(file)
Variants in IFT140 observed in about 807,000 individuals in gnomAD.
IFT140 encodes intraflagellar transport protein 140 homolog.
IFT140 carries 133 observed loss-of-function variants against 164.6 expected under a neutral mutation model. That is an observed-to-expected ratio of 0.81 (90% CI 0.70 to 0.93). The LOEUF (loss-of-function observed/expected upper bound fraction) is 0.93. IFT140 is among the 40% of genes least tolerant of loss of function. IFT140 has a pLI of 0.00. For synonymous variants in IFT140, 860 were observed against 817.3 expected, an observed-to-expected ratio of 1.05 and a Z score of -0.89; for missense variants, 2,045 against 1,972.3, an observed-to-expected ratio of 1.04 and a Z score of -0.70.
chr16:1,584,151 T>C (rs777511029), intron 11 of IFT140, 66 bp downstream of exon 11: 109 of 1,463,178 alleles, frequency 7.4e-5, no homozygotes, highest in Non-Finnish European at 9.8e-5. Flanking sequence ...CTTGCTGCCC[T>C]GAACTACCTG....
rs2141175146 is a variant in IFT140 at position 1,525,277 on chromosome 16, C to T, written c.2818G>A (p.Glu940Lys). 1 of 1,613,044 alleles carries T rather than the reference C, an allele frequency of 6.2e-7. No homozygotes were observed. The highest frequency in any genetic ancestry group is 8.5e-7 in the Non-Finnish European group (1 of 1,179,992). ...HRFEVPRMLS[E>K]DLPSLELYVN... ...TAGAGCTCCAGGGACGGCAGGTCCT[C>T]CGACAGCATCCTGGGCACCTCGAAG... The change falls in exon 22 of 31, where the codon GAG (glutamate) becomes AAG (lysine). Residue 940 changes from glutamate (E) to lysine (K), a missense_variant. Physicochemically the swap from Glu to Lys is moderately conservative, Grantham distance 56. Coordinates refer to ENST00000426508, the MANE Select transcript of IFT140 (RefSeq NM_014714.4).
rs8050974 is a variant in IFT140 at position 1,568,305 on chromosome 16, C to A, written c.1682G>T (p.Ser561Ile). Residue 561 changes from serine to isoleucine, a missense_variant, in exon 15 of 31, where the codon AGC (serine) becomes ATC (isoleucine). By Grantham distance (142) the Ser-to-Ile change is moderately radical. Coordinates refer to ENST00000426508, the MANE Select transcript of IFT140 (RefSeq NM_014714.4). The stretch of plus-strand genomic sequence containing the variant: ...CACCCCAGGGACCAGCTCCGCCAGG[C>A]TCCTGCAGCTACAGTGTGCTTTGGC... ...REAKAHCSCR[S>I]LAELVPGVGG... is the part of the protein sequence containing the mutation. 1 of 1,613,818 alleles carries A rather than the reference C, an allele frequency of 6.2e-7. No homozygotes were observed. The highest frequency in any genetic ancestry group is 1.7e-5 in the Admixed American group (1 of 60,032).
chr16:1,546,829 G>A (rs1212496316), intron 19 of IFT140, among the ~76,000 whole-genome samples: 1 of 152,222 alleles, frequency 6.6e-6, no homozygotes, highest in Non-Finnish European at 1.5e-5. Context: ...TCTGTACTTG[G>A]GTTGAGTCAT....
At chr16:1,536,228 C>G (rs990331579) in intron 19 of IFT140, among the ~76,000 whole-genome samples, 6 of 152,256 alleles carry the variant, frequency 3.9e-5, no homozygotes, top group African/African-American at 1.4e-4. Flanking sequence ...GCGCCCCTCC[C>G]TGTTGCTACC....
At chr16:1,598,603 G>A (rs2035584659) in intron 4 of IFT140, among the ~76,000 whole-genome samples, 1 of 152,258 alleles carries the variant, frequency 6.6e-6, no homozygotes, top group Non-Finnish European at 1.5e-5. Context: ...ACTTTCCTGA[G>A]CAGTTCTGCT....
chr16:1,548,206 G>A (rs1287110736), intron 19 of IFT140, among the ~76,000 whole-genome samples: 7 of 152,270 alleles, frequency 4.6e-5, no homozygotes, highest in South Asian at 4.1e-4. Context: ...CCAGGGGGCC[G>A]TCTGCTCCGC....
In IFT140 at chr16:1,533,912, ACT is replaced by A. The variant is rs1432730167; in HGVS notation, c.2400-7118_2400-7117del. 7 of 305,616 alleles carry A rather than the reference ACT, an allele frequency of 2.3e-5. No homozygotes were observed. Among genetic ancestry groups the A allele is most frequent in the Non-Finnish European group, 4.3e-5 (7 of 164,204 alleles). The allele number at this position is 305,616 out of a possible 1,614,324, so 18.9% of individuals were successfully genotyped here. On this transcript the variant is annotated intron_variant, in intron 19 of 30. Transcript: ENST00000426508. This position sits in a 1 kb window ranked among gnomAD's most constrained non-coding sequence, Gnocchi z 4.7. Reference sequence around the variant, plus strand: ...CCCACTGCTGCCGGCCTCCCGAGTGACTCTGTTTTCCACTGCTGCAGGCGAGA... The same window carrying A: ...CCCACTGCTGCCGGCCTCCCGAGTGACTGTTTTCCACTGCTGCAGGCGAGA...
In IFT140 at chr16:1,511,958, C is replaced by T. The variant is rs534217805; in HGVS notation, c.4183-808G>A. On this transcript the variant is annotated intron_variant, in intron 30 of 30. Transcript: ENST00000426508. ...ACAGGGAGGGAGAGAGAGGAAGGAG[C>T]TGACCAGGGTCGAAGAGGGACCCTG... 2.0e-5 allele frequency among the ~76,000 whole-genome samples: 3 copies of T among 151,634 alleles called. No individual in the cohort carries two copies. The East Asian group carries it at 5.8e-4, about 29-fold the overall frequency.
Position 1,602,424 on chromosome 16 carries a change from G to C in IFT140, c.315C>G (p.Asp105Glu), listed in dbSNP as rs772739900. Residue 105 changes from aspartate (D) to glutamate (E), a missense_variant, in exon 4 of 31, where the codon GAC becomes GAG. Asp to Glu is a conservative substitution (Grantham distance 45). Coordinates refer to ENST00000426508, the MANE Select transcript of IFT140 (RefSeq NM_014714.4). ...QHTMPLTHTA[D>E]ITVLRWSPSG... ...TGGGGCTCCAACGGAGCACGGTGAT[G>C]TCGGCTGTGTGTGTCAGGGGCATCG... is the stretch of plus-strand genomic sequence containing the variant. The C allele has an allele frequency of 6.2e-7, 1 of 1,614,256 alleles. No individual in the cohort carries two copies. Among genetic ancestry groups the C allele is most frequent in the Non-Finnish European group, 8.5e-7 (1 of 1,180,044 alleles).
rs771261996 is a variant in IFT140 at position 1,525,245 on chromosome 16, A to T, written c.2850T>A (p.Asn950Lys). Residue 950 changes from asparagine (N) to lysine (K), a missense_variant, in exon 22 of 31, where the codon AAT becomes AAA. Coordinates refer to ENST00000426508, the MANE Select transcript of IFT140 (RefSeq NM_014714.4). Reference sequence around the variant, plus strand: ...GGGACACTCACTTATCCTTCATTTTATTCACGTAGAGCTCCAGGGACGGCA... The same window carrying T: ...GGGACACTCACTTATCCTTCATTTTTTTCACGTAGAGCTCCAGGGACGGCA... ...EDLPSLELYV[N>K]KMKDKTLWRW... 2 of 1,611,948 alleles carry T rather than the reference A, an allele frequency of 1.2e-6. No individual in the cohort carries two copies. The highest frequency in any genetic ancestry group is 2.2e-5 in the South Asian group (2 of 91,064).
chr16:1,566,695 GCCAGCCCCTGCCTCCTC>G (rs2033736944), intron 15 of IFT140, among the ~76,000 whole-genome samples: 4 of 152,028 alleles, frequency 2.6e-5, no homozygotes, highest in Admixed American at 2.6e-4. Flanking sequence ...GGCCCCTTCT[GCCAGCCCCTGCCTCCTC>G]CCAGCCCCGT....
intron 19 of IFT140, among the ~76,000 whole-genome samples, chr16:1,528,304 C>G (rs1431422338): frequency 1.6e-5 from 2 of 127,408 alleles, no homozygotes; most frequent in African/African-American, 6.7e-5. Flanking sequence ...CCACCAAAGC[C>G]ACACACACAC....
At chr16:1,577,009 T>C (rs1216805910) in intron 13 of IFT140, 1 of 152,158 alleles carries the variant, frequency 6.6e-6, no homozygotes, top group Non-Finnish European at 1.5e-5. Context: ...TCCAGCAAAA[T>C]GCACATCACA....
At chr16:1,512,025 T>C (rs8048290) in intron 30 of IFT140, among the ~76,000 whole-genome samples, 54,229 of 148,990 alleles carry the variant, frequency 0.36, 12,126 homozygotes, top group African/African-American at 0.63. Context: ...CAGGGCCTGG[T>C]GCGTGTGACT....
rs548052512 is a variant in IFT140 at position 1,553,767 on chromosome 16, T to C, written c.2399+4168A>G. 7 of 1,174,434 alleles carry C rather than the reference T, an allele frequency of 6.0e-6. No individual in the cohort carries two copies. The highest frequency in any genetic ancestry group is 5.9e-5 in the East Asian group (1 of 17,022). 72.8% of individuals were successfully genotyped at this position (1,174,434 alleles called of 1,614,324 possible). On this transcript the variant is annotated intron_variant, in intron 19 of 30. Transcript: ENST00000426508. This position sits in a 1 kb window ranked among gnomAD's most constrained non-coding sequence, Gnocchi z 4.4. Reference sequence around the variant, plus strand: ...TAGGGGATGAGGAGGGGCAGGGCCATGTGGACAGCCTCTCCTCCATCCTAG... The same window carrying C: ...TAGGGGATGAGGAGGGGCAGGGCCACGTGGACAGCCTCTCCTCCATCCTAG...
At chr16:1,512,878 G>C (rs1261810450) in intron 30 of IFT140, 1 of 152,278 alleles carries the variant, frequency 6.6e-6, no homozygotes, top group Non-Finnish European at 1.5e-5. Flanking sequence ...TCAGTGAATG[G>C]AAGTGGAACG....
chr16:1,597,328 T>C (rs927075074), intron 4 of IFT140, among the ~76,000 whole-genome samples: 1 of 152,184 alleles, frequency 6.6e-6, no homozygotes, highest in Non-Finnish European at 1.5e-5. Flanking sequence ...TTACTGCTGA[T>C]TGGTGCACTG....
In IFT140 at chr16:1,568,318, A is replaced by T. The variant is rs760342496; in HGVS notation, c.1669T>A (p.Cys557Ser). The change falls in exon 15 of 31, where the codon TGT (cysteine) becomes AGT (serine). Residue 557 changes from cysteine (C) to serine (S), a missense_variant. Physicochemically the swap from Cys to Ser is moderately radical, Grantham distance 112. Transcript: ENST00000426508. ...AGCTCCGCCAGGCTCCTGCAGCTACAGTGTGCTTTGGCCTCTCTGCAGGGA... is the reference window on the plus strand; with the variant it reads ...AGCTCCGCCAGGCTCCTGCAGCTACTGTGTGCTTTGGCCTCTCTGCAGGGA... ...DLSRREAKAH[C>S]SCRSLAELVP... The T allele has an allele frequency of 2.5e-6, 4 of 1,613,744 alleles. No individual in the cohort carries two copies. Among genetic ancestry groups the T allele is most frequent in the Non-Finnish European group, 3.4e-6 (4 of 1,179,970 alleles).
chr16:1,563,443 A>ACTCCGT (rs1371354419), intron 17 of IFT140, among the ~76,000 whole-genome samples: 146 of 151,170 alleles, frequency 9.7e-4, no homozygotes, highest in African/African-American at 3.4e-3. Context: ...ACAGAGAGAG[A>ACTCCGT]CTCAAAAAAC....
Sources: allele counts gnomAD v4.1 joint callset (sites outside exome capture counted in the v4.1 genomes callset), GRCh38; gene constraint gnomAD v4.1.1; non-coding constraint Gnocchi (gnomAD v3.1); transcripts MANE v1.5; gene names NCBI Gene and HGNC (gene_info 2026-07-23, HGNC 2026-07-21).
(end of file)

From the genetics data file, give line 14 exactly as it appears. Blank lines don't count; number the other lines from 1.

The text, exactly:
rs771261996 is a variant in IFT140 at position 1,525,245 on chromosome 16, A to T, written c.2850T>A (p.Asn950Lys). Residue 950 changes from asparagine (N) to lysine (K), a missense_variant, in exon 22 of 31, where the codon AAT becomes AAA. Coordinates refer to ENST00000426508, the MANE Select transcript of IFT140 (RefSeq NM_014714.4). Reference sequence around the variant, plus strand: ...GGGACACTCACTTATCCTTCATTTTATTCACGTAGAGCTCCAGGGACGGCA... The same window carrying T: ...GGGACACTCACTTATCCTTCATTTTTTTCACGTAGAGCTCCAGGGACGGCA... ...EDLPSLELYV[N>K]KMKDKTLWRW... 2 of 1,611,948 alleles carry T rather than the reference A, an allele frequency of 1.2e-6. No individual in the cohort carries two copies. The highest frequency in any genetic ancestry group is 2.2e-5 in the South Asian group (2 of 91,064).